This is the only section where I’m being deliberately vague because there are so many different scanners that it would be pointless trying to explain how they worked. The only advice I can give you is as follows:
- Find out what the resolution of the scanner is and buy the best you can afford
- Scan your negatives at the highest resolution your scanner offers
- Scan as RAW or TIFF files
- Edit your images in Adobe Camera Raw or similar, they will require some tweaking to look their best
- Save as PNG – this is a compressed but lossless image format.
Photographing your negatives
Don’t want to spend any money? Don’t worry, you can get acceptable copies of your images without spending a single penny. All you need is a consistent light source and your phone camera. I’ve used this technique many times when my scanner refuses to work for some reason. It isn’t ideal, but it will definitely get you usable results and you get the bonus of seeing the sprocket holes on the final image which always looks good.
This method is actually capable of producing even higher quality “scans” than a dedicated scanner, but to achieve those results you need to spend a lot of money on a digital SLR, a decent macro lens and a light box. You could spend anywhere up to £1000 if you didn’t already own a DSLR, so this option is simply a “get you home” Heath Robinson job that will let you see your images after development.
For your light source, use your imagination. In the past I’ve used a construction light with a piece of paper to soften the light, you can even use a phone screen to illuminate the negative. All you are looking for is a bright, constant source of light. Once you have your negative lit up, get your phone and get as close as it will allow you to whilst still being able to focus on the negative, then take a picture.
The image above is unedited, as it came out of my phone camera. What we have is still a negative image which needs some work to turn it into a positive (normal) image. There are dedicated programs you can buy to do this, but they are expensive.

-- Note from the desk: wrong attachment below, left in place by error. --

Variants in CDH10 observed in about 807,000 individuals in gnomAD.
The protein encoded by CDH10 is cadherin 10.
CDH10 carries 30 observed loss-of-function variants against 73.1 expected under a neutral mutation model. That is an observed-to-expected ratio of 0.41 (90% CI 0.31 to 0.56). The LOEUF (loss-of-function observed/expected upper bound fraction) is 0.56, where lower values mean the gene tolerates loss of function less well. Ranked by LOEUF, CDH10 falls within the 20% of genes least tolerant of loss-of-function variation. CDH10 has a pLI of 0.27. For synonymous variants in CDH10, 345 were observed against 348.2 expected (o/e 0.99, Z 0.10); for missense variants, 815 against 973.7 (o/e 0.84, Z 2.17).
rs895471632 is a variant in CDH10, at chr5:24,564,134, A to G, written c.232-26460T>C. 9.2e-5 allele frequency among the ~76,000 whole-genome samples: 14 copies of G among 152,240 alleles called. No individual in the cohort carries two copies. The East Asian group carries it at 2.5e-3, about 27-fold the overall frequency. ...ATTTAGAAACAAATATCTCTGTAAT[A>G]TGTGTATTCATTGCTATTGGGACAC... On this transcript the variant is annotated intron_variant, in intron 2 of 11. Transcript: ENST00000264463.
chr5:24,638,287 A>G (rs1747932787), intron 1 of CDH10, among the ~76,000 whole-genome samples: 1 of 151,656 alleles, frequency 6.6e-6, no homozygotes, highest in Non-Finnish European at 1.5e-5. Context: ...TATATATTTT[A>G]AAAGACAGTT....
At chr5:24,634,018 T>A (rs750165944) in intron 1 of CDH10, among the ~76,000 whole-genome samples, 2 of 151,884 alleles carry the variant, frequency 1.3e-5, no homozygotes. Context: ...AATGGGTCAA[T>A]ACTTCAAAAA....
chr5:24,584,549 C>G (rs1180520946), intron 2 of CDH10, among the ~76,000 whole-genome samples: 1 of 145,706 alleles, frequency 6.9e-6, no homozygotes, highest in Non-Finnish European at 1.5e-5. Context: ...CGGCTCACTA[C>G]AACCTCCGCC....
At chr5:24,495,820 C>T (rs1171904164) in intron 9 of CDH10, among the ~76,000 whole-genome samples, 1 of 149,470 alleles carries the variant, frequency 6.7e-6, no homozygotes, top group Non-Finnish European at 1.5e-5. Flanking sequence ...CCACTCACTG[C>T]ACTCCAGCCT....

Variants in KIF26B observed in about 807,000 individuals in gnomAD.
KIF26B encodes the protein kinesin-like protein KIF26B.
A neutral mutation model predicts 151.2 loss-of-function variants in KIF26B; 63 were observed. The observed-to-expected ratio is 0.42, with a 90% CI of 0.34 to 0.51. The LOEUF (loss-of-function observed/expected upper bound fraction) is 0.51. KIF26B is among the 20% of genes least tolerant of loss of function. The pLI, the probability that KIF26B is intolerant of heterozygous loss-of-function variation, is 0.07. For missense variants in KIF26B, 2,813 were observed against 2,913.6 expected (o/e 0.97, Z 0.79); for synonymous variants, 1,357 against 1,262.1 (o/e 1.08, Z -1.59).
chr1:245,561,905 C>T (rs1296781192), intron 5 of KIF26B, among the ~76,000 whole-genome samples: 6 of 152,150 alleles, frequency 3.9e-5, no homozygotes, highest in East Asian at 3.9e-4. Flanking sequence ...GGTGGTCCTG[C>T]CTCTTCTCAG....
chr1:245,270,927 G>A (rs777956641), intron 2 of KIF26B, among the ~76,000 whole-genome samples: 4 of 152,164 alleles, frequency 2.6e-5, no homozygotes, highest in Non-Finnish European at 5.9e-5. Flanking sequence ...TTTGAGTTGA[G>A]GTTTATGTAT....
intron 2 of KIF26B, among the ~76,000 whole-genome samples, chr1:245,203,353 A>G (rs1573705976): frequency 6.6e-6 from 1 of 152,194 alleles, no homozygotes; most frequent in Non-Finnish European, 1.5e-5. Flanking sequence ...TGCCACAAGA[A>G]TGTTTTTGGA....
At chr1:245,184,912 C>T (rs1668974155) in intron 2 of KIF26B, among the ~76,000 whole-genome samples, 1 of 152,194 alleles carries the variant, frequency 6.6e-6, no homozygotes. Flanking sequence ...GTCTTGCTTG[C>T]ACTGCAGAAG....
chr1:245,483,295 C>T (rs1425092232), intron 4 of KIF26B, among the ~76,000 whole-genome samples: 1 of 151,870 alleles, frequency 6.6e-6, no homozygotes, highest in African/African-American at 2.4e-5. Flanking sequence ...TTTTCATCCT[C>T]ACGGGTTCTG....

If you have Photoshop (or can use the free 7 day trial), simply load the picture, go to the Image menu, Adjustments and then click “invert.” Instantly, you will see something that looks far more normal. Then, go back to the exact same menu and select “black and white.”
If you don’t have Photoshop, you can actually achieve the same thing in Microsoft Paint (free with Windows) or a program such as GIMP or Paint.NET. You do not need to spend any money on software.
After running the above picture through Photoshop, I was left with this:
I don’t know about you, but I think for something that has been photographed on a laptop screen and cost £0 to produce, that’s not a bad result, is it? It’d be more than acceptable to post on Instagram or similar.
And with that, you’re done. Hopefully you’ll want to do it again after going through all that!
You’ve seen the options, potential methods and just how cheap we can make this whole process for those who just want to experiment. What, then, would you have to pay if you started with nothing and went down the absolute cheapest possible route into film photography? Lets work out a very realistic approximation:
|Camera – Canon 1000fn Kit||£20|
|Developer – Caffenol (who doesn’t have coffee and washing powder?)||£0|
|Fixer – Ilford Rapid Fixer||£10|
|Scanner – Light and Phone||£0|
|Rolls of film x3||£13|
|Some jugs and bits and pieces||£5|
It doesn’t work out too badly, does it? If you’re truly thrifty or lucky you may well be able to source many of the things you need for free. Who knows what is in your loft, friends garages, under the bed – people will have old cameras just lying about gathering dust. Once you’ve got your kit together you can just use it over and over again for the price of a film and a cup of coffee. That’s pretty good value for the entertainment and headspace that film photography gives you.
So, go on, you’ve no excuse now. Go and give film a try.